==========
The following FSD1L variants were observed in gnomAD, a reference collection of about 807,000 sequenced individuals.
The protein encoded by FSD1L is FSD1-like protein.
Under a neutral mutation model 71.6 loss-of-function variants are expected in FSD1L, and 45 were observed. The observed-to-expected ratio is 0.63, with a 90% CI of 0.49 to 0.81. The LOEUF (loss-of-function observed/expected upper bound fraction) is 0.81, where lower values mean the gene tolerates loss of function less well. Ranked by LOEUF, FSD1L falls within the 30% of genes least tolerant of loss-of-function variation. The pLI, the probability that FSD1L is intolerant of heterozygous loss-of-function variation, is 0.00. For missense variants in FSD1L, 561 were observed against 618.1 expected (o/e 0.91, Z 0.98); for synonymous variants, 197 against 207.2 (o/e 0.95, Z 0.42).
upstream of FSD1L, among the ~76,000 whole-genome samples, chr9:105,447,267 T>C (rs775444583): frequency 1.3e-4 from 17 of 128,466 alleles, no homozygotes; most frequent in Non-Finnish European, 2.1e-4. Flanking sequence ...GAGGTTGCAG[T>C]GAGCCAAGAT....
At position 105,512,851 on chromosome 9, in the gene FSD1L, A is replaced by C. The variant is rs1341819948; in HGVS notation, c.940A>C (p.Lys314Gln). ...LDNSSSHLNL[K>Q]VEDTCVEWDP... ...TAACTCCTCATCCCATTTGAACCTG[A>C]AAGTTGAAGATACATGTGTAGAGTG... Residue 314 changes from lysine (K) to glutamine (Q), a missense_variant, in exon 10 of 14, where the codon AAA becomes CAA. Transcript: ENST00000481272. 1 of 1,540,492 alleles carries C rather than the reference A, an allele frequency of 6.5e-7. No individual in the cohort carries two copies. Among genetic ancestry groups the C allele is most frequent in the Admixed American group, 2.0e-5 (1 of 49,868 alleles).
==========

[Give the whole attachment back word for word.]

The following FSD1L variants were observed in gnomAD, a reference collection of about 807,000 sequenced individuals.
The protein encoded by FSD1L is FSD1-like protein.
Under a neutral mutation model 71.6 loss-of-function variants are expected in FSD1L, and 45 were observed. The observed-to-expected ratio is 0.63, with a 90% CI of 0.49 to 0.81. The LOEUF (loss-of-function observed/expected upper bound fraction) is 0.81, where lower values mean the gene tolerates loss of function less well. Ranked by LOEUF, FSD1L falls within the 30% of genes least tolerant of loss-of-function variation. The pLI, the probability that FSD1L is intolerant of heterozygous loss-of-function variation, is 0.00. For missense variants in FSD1L, 561 were observed against 618.1 expected (o/e 0.91, Z 0.98); for synonymous variants, 197 against 207.2 (o/e 0.95, Z 0.42).
upstream of FSD1L, among the ~76,000 whole-genome samples, chr9:105,447,267 T>C (rs775444583): frequency 1.3e-4 from 17 of 128,466 alleles, no homozygotes; most frequent in Non-Finnish European, 2.1e-4. Flanking sequence ...GAGGTTGCAG[T>C]GAGCCAAGAT....
At position 105,512,851 on chromosome 9, in the gene FSD1L, A is replaced by C. The variant is rs1341819948; in HGVS notation, c.940A>C (p.Lys314Gln). ...LDNSSSHLNL[K>Q]VEDTCVEWDP... ...TAACTCCTCATCCCATTTGAACCTG[A>C]AAGTTGAAGATACATGTGTAGAGTG... Residue 314 changes from lysine (K) to glutamine (Q), a missense_variant, in exon 10 of 14, where the codon AAA becomes CAA. Transcript: ENST00000481272. 1 of 1,540,492 alleles carries C rather than the reference A, an allele frequency of 6.5e-7. No individual in the cohort carries two copies. Among genetic ancestry groups the C allele is most frequent in the Admixed American group, 2.0e-5 (1 of 49,868 alleles).